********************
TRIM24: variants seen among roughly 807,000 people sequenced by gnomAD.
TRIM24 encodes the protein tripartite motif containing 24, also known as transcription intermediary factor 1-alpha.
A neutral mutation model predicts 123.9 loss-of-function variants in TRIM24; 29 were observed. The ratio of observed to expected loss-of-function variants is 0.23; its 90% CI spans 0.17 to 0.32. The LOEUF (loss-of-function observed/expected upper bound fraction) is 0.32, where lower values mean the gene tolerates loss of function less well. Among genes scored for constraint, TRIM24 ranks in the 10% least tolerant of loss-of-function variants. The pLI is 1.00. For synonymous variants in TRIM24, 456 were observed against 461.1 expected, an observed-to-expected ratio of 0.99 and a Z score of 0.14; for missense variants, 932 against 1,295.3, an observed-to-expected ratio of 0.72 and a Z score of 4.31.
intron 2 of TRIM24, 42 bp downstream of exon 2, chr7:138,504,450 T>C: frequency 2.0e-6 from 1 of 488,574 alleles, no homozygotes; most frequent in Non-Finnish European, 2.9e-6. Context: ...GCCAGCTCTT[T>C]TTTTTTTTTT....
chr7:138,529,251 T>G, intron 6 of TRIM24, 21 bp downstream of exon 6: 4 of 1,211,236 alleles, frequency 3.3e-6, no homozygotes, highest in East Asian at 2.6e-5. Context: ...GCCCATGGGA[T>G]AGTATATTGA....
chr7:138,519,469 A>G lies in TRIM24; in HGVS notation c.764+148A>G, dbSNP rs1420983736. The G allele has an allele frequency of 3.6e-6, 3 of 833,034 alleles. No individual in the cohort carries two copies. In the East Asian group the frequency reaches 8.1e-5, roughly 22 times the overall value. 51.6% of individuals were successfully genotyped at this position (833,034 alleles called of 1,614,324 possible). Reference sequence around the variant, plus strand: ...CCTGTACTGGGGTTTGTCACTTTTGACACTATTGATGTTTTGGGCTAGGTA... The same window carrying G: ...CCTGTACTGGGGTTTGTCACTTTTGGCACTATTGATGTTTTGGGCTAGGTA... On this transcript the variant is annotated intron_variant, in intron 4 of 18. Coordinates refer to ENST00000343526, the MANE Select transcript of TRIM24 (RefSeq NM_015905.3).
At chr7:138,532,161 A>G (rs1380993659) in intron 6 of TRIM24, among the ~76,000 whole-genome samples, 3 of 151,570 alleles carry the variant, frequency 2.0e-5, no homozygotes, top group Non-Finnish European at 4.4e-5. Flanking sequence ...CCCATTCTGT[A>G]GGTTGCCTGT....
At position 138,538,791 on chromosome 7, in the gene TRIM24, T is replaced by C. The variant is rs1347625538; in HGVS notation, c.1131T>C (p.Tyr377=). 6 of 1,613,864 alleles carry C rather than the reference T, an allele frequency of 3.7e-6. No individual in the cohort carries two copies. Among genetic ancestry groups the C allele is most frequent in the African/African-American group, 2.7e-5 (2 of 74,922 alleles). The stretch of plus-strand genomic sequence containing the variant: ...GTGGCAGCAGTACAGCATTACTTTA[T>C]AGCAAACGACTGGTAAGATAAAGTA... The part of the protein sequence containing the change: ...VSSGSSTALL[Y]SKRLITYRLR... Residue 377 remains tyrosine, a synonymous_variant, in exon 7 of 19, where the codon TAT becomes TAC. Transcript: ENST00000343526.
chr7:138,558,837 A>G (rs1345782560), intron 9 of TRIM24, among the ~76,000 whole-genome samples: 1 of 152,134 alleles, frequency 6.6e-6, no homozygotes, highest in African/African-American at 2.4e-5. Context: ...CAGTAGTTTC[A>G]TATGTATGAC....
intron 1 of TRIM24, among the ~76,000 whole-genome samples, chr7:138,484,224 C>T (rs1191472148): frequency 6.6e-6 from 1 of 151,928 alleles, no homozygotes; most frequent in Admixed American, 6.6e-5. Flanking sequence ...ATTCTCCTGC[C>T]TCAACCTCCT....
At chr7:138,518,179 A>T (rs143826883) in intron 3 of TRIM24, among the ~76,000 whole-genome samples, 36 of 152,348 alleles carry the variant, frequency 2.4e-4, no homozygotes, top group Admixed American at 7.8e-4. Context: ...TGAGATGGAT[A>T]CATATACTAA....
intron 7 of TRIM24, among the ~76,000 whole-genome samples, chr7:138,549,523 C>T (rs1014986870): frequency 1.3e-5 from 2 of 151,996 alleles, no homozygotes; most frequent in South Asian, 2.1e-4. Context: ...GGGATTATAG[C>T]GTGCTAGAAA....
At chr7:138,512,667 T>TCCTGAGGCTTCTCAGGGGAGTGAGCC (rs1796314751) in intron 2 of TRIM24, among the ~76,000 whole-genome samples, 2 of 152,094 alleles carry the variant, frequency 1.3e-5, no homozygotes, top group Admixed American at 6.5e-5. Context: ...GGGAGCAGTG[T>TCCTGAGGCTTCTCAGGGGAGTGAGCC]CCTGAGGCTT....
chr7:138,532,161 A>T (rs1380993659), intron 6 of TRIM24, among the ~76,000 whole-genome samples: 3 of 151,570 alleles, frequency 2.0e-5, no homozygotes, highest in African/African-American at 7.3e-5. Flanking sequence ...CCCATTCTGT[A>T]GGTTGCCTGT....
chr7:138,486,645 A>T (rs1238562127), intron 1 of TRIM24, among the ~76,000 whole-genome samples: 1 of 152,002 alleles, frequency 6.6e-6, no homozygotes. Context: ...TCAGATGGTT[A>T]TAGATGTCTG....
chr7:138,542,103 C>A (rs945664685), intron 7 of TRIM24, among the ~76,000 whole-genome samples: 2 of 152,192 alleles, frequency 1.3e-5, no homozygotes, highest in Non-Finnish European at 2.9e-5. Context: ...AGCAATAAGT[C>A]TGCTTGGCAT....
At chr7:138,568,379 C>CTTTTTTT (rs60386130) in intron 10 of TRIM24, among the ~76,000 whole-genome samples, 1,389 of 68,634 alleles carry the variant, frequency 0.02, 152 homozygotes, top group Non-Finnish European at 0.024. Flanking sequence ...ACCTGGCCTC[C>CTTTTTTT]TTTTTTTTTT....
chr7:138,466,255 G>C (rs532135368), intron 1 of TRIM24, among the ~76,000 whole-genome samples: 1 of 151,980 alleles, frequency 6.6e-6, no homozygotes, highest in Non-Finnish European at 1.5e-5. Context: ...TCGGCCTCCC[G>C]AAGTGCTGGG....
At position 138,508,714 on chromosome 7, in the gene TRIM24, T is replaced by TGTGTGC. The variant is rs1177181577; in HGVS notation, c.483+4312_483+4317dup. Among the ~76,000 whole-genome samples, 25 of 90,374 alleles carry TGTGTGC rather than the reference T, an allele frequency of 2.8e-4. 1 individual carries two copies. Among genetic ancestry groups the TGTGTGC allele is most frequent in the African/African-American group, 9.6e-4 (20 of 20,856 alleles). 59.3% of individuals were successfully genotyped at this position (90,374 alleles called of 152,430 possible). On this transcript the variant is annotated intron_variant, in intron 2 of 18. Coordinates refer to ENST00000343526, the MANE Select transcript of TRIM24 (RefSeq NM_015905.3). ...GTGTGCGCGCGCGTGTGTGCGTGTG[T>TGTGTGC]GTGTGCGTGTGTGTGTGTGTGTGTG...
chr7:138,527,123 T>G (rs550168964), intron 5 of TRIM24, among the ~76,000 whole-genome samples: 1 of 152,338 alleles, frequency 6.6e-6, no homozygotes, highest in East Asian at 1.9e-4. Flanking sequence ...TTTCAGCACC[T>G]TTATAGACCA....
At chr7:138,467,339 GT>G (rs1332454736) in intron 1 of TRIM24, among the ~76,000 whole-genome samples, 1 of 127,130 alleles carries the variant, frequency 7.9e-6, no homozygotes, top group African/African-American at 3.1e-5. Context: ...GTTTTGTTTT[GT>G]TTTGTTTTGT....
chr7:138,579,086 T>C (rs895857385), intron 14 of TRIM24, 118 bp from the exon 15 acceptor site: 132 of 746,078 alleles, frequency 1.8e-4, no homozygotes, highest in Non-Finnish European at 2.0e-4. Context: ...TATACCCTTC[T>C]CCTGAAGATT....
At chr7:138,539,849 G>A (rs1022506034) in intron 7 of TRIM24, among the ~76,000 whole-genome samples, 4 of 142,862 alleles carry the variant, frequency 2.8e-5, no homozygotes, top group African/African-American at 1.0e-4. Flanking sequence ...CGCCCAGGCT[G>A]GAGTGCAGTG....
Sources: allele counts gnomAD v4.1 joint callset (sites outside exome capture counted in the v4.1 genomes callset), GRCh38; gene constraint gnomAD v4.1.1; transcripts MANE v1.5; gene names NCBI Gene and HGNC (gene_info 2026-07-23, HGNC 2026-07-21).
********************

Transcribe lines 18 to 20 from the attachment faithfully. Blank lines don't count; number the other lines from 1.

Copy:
chr7:138,466,255 G>C (rs532135368), intron 1 of TRIM24, among the ~76,000 whole-genome samples: 1 of 151,980 alleles, frequency 6.6e-6, no homozygotes, highest in Non-Finnish European at 1.5e-5. Context: ...TCGGCCTCCC[G>C]AAGTGCTGGG....
At position 138,508,714 on chromosome 7, in the gene TRIM24, T is replaced by TGTGTGC. The variant is rs1177181577; in HGVS notation, c.483+4312_483+4317dup. Among the ~76,000 whole-genome samples, 25 of 90,374 alleles carry TGTGTGC rather than the reference T, an allele frequency of 2.8e-4. 1 individual carries two copies. Among genetic ancestry groups the TGTGTGC allele is most frequent in the African/African-American group, 9.6e-4 (20 of 20,856 alleles). 59.3% of individuals were successfully genotyped at this position (90,374 alleles called of 152,430 possible). On this transcript the variant is annotated intron_variant, in intron 2 of 18. Coordinates refer to ENST00000343526, the MANE Select transcript of TRIM24 (RefSeq NM_015905.3). ...GTGTGCGCGCGCGTGTGTGCGTGTG[T>TGTGTGC]GTGTGCGTGTGTGTGTGTGTGTGTG...
chr7:138,527,123 T>G (rs550168964), intron 5 of TRIM24, among the ~76,000 whole-genome samples: 1 of 152,338 alleles, frequency 6.6e-6, no homozygotes, highest in East Asian at 1.9e-4. Flanking sequence ...TTTCAGCACC[T>G]TTATAGACCA....